NTI-tss: Benefits, Concerns, Questions and Answers Drs. James Boyd and Andrew Blumenfeld

Ten years ago the FDA (U.S. Food and Drug Administration) approved the first non-pharmaceutical treatment for migraine headaches, the NTI-tss. Since then, more than 20,000 dentists worldwide have prescribed more than one million devices.

The developer of the NTI therapeutic protocol, James Boyd, DDS, recognized that patients in his general practice who suffered from frequent migraines had a common symptom – morning headaches. "Even though these patients would report of some days being relatively migraine-free, they reluctantly admitted to waking with some degree of discomfort every morning," says Boyd.

While some of Boyd's patients responded favorably to full arch occlusal splint therapy, those who reported chronic morning headaches seemed less predictable, with some even worsening with these splints. After reviewing the occlusion on these cases and looking for similarities, Boyd realized the occlusal scheme wasn't predictive of who would or would not respond to splint therapy. Instead of occlusion, Boyd postulated that occluding was the problem. "As Henry Tanner used to say, 'it isn't what you have, it's what you do with what you have that causes and perpetuates the pain,'" says Boyd. He identified these chronic headache patients in his practice as primary clenchers, and his goal became finding a way to reduce and control the intensity of that parafunctional activity.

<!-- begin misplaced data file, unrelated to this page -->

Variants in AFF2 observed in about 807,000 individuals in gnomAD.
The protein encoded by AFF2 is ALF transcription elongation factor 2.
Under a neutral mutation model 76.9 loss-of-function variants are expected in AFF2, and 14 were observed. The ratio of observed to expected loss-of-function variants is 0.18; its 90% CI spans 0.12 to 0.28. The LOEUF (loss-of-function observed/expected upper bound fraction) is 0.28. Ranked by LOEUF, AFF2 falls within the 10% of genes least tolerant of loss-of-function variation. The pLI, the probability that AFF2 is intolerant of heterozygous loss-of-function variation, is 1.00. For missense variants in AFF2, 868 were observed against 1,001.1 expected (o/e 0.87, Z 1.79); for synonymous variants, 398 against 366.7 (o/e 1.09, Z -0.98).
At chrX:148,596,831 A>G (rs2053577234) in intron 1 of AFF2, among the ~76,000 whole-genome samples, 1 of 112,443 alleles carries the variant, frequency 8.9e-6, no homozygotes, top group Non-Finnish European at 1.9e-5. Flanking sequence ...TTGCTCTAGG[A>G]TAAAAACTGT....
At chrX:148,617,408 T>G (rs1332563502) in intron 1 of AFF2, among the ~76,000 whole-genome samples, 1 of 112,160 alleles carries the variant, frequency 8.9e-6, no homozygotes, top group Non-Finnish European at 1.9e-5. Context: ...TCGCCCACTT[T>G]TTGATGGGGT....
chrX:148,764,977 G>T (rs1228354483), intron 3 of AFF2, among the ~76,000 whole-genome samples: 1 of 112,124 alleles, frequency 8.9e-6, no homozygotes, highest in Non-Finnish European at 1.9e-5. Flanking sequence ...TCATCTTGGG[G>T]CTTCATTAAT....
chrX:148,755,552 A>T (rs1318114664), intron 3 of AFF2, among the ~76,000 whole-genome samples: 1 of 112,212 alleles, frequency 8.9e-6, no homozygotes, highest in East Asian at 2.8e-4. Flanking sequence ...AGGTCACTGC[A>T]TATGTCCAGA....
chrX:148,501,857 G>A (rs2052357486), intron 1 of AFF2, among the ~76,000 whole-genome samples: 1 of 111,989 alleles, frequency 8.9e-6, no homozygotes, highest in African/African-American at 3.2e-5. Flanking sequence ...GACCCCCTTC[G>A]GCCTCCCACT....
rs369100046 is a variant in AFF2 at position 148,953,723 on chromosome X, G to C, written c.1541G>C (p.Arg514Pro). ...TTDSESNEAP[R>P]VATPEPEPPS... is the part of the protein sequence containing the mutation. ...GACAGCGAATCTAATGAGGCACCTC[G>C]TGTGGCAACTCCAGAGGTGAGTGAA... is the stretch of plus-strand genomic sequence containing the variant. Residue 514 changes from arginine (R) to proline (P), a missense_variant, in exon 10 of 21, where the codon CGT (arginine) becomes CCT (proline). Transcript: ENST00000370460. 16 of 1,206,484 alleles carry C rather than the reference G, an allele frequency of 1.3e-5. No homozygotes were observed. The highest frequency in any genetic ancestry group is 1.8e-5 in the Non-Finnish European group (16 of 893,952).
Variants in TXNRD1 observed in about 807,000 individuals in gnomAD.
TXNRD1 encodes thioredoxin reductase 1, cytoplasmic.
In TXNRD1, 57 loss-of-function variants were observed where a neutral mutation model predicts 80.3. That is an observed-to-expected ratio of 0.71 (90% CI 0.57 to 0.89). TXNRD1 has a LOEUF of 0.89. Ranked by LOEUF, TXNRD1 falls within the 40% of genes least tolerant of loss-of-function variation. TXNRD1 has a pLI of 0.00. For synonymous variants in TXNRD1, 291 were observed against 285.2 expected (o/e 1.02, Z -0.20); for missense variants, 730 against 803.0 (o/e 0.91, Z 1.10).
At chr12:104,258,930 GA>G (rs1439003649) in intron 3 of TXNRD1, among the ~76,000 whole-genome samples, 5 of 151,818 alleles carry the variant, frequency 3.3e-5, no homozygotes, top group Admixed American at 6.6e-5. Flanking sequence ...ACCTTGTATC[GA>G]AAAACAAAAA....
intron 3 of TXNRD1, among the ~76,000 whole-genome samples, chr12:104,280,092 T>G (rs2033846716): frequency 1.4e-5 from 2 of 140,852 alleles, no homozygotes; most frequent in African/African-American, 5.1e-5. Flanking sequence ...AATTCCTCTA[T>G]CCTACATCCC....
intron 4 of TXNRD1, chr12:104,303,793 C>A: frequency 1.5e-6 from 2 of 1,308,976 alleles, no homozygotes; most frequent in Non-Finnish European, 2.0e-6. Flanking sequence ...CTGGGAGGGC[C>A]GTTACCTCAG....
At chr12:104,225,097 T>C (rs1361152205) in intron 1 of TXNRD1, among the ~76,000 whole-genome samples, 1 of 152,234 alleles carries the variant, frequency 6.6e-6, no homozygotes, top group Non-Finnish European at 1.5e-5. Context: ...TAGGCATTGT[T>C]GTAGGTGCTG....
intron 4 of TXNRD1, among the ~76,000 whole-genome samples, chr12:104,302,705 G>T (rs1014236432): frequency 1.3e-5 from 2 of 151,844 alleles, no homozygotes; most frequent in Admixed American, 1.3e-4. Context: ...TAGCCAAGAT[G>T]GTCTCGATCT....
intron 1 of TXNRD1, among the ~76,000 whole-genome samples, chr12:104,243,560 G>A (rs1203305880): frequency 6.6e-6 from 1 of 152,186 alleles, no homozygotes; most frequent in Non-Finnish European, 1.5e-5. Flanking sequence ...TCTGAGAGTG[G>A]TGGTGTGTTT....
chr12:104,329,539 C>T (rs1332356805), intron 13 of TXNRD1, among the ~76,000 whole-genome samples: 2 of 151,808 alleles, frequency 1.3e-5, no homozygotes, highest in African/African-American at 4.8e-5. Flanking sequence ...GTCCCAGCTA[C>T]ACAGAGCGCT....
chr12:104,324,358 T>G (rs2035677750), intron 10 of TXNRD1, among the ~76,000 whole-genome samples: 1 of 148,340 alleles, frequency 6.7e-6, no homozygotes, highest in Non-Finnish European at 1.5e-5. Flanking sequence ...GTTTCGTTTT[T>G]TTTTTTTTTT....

His development of a parafunctional control protocol, using an appliance design that was effective, durable, comfortable and cost effective for both the dentist and the patient, took nearly a decade, changing as Boyd's knowledge and insight of the medically diagnosed migraineur evolved. Boyd's patents are based on the provision of a prefabricated, enhanced discluding element, which provides immediate and continuous incisal guidance in all mandibular movements by preventing posterior and canine contact on both the device and the opposing dentition.

After years of teaching the NTI therapeutic protocol to dentists, Boyd developed a new professional relationship that would have even wider repercussions for NTI use and credibility.

Andrew Blumenfeld, MD, a neurologist and recognized researcher in the field of headache and migraine, is director of The Headache Center of Southern California. "The more we discussed each other's field of expertise, the more we realized that we were talking about nearly the same thing, that both migraine and temporomandibular (TM) disorders were trigeminal nerve disorders: TMD resulting from trigeminal motor hyperactivity; and, migraines the result of trigeminal sensory dysmodulation. What intrigued us was the probability that either one may cause or influence the other."

Within the last three years Dr. Blumenfeld has presented research highlighting the NTI's migraine prevention efficacy in his practice at migraine research symposiums in Los Angeles, London, Philadelphia and Nice. Starting this fall, The Headache Center, in collaboration with Dr. Boyd, will initiate its most significant NTI research to date.

"No one in the migraine field disagrees that sleep has a considerable influence on headache frequency and intensity," says Blumenfeld. "What we don't fully understand is what exactly it is about sleep that is so influential. We will be doing a polysomnogram on 100 consecutive chronic migraineurs, complete with EMG recordings of temporalis activity.